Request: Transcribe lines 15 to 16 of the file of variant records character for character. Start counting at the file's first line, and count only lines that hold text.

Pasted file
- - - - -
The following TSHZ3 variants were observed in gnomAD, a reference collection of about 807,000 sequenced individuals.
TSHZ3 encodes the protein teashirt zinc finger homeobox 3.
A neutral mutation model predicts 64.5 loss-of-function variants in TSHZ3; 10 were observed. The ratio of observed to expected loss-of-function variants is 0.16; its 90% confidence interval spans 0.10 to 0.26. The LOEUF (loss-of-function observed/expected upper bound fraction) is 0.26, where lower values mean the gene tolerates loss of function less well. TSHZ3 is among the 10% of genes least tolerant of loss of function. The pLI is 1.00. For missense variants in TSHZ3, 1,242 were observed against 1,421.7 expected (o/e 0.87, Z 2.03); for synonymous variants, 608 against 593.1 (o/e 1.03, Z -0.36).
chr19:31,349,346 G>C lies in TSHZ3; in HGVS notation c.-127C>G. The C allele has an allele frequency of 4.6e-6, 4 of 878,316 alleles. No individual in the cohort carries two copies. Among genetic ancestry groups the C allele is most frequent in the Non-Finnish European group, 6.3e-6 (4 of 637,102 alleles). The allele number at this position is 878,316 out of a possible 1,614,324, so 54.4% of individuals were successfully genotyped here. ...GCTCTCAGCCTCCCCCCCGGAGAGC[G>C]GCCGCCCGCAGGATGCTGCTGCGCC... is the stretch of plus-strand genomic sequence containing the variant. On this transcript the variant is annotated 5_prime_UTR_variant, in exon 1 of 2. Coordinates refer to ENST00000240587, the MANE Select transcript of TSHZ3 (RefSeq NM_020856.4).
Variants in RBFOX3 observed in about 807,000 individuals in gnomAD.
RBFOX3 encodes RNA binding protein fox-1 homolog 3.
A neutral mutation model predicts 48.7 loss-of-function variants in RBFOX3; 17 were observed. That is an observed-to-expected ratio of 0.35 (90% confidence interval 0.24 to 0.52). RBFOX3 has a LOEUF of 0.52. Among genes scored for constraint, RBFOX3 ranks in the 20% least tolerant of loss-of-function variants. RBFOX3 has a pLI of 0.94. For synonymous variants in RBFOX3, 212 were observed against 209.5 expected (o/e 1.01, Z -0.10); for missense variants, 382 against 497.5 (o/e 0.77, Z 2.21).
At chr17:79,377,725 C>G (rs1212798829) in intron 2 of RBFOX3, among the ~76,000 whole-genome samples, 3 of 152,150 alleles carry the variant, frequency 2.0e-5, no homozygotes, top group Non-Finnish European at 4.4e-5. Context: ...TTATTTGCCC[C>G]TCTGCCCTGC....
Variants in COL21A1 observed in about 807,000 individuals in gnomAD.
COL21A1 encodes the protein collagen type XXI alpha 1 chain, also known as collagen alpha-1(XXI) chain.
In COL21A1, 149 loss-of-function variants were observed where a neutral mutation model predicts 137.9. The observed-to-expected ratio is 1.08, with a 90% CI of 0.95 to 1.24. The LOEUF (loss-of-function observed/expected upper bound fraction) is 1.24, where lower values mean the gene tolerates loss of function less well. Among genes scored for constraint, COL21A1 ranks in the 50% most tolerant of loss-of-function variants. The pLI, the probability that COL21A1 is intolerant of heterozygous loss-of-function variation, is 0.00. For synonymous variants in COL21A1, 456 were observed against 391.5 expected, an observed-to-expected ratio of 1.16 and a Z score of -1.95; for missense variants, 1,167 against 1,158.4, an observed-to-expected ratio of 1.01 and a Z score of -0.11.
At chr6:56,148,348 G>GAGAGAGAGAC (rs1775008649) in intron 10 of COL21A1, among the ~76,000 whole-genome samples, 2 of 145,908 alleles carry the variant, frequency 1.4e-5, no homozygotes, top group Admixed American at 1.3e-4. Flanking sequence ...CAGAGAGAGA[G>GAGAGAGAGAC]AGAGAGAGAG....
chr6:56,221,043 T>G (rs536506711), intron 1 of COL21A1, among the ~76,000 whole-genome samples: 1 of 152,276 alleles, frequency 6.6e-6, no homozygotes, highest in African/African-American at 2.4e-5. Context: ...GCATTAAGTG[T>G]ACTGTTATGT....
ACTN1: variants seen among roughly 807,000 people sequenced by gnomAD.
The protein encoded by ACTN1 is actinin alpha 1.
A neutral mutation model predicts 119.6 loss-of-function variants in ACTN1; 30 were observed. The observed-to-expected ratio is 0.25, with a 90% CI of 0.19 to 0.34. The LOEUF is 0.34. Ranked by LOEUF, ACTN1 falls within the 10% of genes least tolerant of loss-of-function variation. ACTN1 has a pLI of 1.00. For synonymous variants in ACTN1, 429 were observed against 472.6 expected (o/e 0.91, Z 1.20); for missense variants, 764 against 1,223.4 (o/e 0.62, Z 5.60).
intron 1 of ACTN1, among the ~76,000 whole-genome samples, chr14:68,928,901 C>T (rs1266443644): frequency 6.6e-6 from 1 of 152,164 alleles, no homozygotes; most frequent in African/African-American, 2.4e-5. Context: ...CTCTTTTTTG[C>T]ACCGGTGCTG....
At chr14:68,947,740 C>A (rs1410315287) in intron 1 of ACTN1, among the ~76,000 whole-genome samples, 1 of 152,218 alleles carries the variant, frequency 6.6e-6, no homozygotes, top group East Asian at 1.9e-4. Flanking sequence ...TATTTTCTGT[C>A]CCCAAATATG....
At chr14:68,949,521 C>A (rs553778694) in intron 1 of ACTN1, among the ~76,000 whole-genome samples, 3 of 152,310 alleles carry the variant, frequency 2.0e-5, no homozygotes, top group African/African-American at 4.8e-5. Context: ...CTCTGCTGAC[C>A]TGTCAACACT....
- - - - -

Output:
The protein encoded by ACTN1 is actinin alpha 1.
A neutral mutation model predicts 119.6 loss-of-function variants in ACTN1; 30 were observed. The observed-to-expected ratio is 0.25, with a 90% CI of 0.19 to 0.34. The LOEUF is 0.34. Ranked by LOEUF, ACTN1 falls within the 10% of genes least tolerant of loss-of-function variation. ACTN1 has a pLI of 1.00. For synonymous variants in ACTN1, 429 were observed against 472.6 expected (o/e 0.91, Z 1.20); for missense variants, 764 against 1,223.4 (o/e 0.62, Z 5.60).